Feb 28 ACT & SAT Question of the Day

http://sat.collegeboard.org/practice/sat-question-of-the-day?src=R&questionId=20130228 (This link takes you to today’s question. If you use my archive, you will see the question related to my SAT explanation for that date.)

The answer is C.  Always figure out the topic of the sentence and use it to predict words for the blank(s) before looking at the answers.  In this case, we know the guy is inclined to succumb or fall for flattery.  Do you see how you can even use words that are in the sentence as your predictions?  Flattery is a great prediction for the second blank.  That leaves us with C and D.  Then his inclination means he is susceptible–answer C.

There’s something you should notice about the inclination of the SAT test writers.  They like to use wrong answers that are antonyms for the right answer.  So, be careful.  In this example, when you got down to cajolery and blandishments, resistant (D) was just the opposite of the correct answer: susceptible.  That is why my strategy is important.  Focusing on the topic and making a prediction before looking at the answers helps you avoid their inclination of using antonyms as distractors (wrong answers or traps)!

Let’s see what the ACT folks have up their sleeves this morning.

http://www.act.org/qotd/ (The ACT staff does not put a date on their questions so if you click on an archived blog, you’ll get today’s question and the old explanation. Sorry. The SAT staff has dated their questions; so, the archive is helpful. The ACT folks simply don’t do that.)-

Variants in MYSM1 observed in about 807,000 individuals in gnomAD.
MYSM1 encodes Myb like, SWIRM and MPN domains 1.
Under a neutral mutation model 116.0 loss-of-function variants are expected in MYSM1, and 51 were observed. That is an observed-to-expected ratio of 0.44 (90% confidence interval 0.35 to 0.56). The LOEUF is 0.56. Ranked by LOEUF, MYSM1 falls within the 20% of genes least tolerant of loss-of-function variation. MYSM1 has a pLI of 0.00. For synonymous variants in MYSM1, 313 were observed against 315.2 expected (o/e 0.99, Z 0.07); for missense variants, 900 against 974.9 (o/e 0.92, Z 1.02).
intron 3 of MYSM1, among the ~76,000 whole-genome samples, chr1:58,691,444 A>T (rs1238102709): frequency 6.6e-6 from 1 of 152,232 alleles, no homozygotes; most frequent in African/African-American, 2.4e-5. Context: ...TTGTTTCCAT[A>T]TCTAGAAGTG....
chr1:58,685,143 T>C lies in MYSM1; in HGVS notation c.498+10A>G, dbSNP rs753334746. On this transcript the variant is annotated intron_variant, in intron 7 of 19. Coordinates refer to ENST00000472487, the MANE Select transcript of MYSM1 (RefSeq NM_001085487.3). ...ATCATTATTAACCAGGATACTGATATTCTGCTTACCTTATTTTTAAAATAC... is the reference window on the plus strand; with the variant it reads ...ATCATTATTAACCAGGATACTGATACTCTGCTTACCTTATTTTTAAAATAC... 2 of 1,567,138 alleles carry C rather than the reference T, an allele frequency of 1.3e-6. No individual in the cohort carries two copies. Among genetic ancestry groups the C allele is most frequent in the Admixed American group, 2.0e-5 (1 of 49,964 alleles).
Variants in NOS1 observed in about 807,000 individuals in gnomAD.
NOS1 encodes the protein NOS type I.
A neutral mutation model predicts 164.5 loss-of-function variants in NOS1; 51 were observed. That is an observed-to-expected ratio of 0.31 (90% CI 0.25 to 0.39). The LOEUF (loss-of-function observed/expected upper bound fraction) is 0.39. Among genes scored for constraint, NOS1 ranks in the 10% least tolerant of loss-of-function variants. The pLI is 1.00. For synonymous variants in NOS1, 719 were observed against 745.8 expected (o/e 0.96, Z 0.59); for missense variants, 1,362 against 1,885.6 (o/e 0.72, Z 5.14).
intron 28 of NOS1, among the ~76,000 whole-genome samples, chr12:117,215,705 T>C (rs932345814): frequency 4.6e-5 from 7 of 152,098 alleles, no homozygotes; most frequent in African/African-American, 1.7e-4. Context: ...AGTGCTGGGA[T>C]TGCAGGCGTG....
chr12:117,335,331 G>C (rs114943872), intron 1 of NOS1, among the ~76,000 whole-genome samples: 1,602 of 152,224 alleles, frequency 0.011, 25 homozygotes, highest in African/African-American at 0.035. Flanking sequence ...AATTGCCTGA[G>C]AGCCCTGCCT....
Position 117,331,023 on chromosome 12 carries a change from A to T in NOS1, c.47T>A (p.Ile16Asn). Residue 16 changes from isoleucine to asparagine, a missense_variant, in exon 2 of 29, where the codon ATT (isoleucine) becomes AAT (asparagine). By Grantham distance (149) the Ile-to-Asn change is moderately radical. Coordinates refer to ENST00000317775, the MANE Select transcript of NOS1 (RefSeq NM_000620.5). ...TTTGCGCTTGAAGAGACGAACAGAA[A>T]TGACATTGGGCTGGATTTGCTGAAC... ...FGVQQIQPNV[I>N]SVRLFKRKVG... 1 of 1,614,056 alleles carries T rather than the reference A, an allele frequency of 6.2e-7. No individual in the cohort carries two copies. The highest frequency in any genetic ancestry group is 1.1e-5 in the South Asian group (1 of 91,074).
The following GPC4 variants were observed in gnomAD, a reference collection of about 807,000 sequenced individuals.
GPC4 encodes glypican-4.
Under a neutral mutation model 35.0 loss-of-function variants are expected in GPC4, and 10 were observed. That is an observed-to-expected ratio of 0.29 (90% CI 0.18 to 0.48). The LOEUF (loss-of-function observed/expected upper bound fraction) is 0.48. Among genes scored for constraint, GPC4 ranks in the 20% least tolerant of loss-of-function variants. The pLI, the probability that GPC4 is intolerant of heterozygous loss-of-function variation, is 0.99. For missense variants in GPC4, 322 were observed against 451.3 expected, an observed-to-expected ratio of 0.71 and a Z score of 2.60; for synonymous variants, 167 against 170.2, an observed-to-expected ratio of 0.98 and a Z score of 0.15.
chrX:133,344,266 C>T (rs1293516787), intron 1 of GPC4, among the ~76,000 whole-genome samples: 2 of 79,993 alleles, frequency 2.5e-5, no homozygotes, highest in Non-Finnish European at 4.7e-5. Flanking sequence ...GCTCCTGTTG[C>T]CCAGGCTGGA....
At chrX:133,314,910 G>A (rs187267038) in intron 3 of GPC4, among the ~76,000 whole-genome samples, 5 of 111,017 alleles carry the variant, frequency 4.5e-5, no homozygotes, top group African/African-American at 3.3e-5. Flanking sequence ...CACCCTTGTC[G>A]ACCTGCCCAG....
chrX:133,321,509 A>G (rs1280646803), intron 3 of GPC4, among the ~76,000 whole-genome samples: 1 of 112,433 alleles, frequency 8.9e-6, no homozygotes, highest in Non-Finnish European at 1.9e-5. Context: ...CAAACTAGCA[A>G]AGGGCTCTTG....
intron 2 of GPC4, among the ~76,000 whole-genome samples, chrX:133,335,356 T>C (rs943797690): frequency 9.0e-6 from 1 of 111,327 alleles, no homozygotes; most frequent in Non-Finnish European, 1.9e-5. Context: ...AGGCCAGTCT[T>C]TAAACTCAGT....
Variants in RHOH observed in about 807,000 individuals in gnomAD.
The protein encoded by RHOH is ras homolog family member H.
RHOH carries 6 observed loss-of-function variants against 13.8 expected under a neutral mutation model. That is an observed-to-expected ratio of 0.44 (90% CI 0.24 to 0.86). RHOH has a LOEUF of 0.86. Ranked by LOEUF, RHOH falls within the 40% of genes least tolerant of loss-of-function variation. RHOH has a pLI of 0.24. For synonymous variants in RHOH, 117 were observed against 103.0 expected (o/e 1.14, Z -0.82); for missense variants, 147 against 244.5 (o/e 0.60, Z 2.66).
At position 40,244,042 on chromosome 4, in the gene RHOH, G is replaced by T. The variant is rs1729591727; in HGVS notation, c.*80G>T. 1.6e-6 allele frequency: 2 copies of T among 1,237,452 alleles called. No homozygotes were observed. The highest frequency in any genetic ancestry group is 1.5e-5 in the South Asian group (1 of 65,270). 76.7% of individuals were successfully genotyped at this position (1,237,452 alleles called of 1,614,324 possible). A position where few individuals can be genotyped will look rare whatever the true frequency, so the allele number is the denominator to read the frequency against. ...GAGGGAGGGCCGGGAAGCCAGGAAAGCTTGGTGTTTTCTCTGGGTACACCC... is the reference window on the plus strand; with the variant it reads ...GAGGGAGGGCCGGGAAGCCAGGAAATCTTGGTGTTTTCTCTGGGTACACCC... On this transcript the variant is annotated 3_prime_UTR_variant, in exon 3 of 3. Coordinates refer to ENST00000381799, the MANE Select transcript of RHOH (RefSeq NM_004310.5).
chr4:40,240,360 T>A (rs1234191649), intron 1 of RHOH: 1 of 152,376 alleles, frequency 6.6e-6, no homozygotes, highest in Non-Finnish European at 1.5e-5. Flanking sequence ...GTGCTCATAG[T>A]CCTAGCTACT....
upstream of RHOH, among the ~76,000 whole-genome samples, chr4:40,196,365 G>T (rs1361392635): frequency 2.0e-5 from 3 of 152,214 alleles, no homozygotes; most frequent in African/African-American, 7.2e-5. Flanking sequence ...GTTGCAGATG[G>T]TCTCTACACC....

The answer is D.  The ACT staff tells you to find the answer in lines 82-85.  However, proper reading strategies would have answered it much sooner.  Finding the main idea in the first paragraph or ASAP is critical to success.  Answers A, B, and C are eliminated by the time you get to line 7.  The passage says “permeated by religious and superstitious notions” in lines 4 and 5.  Of course, there are more details later that support the answer but the are a long ways away in lines 82-85.

Here’s my point: find the main idea quickly and use it as a focal point for choosing your answers.  Both the SAT and ACT test writers are inclined to design their “best” answers based  on it.  When in doubt about two answers, if one is more consistent with the main idea than the other, pick it.  Now don’t take me wrong.  This isn’t a slam dunk for all the questions.  It isn’t going to be a sure thing.  It is a strategy for choosing between two answers that both look good and will certainly raise your chances of being correct.  Of course, there may be additional evidence somewhere else in the passage but by the time you find it (in lines 82-85 in this case) you could run out of time.

There is a much more detailed explanation regarding this technique on DVD #3 and in my course.  The main idea should be used in combination with some other criteria that are described in my lessons.  I will describe the others in future blogs.  Try the strategy on some real practice questions and you’ll see how well it works.

Enjoy your day.

The Wizard

About Bob Alexander

Bob has been a professional educator starting with teaching biology, becoming a school administrator, and then working as an education lobbyist in Washington, DC. He got his start in national testing by becoming a consulting test writer, later joining Kaplan as a director, and finally starting his own business in 1995. He has written numerous books, consulted for school districts and colleges, developed his website and been featured on a DVD set. He offers SAT and ACT prep classes and tutors individuals and small groups of students in central Florida.
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